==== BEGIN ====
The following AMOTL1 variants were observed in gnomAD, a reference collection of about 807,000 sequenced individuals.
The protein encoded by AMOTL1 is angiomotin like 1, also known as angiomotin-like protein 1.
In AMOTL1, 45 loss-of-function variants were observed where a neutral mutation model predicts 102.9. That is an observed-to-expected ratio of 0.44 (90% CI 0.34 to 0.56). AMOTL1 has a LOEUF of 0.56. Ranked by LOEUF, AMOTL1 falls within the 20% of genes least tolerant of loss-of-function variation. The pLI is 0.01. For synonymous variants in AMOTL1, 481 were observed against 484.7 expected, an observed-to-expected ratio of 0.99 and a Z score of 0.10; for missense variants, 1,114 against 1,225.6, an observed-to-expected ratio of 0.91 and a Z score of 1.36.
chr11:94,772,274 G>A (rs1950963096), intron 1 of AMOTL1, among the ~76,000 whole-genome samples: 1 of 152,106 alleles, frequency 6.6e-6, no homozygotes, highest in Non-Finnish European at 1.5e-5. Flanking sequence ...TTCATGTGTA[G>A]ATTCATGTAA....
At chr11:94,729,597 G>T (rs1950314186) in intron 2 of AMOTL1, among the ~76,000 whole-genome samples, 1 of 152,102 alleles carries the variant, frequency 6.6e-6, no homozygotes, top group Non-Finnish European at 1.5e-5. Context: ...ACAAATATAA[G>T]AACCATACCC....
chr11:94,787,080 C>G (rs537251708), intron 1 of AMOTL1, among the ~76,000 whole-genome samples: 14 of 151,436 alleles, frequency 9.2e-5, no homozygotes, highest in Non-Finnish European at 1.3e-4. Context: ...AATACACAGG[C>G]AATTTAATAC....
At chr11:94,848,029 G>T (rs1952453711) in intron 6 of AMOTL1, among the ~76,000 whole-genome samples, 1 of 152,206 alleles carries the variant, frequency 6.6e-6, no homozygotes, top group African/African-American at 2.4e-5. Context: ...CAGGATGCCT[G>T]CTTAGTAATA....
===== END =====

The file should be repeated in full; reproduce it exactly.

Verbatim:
The following AMOTL1 variants were observed in gnomAD, a reference collection of about 807,000 sequenced individuals.
The protein encoded by AMOTL1 is angiomotin like 1, also known as angiomotin-like protein 1.
In AMOTL1, 45 loss-of-function variants were observed where a neutral mutation model predicts 102.9. That is an observed-to-expected ratio of 0.44 (90% CI 0.34 to 0.56). AMOTL1 has a LOEUF of 0.56. Ranked by LOEUF, AMOTL1 falls within the 20% of genes least tolerant of loss-of-function variation. The pLI is 0.01. For synonymous variants in AMOTL1, 481 were observed against 484.7 expected, an observed-to-expected ratio of 0.99 and a Z score of 0.10; for missense variants, 1,114 against 1,225.6, an observed-to-expected ratio of 0.91 and a Z score of 1.36.
chr11:94,772,274 G>A (rs1950963096), intron 1 of AMOTL1, among the ~76,000 whole-genome samples: 1 of 152,106 alleles, frequency 6.6e-6, no homozygotes, highest in Non-Finnish European at 1.5e-5. Flanking sequence ...TTCATGTGTA[G>A]ATTCATGTAA....
At chr11:94,729,597 G>T (rs1950314186) in intron 2 of AMOTL1, among the ~76,000 whole-genome samples, 1 of 152,102 alleles carries the variant, frequency 6.6e-6, no homozygotes, top group Non-Finnish European at 1.5e-5. Context: ...ACAAATATAA[G>T]AACCATACCC....
chr11:94,787,080 C>G (rs537251708), intron 1 of AMOTL1, among the ~76,000 whole-genome samples: 14 of 151,436 alleles, frequency 9.2e-5, no homozygotes, highest in Non-Finnish European at 1.3e-4. Context: ...AATACACAGG[C>G]AATTTAATAC....
At chr11:94,848,029 G>T (rs1952453711) in intron 6 of AMOTL1, among the ~76,000 whole-genome samples, 1 of 152,206 alleles carries the variant, frequency 6.6e-6, no homozygotes, top group African/African-American at 2.4e-5. Context: ...CAGGATGCCT[G>T]CTTAGTAATA....